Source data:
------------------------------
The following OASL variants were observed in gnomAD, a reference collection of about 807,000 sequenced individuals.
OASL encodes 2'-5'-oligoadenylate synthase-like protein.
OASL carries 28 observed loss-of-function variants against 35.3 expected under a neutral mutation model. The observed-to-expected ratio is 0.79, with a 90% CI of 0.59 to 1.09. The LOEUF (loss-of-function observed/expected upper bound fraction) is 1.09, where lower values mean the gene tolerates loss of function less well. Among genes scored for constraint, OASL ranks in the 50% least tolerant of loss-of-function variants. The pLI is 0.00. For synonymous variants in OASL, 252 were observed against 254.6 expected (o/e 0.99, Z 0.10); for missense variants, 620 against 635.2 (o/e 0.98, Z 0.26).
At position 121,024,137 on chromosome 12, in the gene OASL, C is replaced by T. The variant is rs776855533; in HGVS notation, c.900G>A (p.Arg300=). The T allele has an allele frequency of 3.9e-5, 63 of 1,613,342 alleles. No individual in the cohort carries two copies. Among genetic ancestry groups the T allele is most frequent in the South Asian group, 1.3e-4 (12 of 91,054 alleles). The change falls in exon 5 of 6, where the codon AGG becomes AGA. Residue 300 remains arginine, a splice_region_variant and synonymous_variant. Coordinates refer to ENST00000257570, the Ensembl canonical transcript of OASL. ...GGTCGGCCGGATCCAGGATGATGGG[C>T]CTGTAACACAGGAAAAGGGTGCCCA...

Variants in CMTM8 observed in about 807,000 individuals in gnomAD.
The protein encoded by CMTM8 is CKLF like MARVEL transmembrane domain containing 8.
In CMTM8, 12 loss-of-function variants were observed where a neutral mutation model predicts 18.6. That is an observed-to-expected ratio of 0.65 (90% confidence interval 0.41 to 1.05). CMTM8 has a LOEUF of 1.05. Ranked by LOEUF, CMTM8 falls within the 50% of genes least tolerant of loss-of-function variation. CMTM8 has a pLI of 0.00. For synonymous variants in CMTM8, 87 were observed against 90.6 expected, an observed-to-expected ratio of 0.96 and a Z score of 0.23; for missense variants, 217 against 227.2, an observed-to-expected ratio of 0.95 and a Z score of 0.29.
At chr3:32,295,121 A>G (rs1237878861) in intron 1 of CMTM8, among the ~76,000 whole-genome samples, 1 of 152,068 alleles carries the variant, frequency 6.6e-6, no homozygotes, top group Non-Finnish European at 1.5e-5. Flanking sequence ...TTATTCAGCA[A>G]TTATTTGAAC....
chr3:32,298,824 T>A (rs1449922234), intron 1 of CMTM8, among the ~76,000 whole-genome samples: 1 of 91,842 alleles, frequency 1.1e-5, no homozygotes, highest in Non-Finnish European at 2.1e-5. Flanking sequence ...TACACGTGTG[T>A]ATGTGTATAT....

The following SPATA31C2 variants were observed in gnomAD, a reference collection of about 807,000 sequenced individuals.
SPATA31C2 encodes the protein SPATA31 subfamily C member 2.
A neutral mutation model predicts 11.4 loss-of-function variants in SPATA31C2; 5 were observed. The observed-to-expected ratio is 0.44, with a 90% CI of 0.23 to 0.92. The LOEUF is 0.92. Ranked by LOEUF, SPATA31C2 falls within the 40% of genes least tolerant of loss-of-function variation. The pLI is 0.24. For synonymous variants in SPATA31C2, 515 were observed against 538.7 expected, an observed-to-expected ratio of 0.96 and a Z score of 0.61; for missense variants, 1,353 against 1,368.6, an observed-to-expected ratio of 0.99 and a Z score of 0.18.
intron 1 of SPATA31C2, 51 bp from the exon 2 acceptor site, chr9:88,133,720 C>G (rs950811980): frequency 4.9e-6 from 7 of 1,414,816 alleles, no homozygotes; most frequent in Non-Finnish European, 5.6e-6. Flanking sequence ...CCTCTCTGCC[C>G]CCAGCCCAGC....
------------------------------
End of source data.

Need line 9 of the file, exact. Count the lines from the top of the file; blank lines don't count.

chr3:32,298,824 T>A (rs1449922234), intron 1 of CMTM8, among the ~76,000 whole-genome samples: 1 of 91,842 alleles, frequency 1.1e-5, no homozygotes, highest in Non-Finnish European at 2.1e-5. Flanking sequence ...TACACGTGTG[T>A]ATGTGTATAT....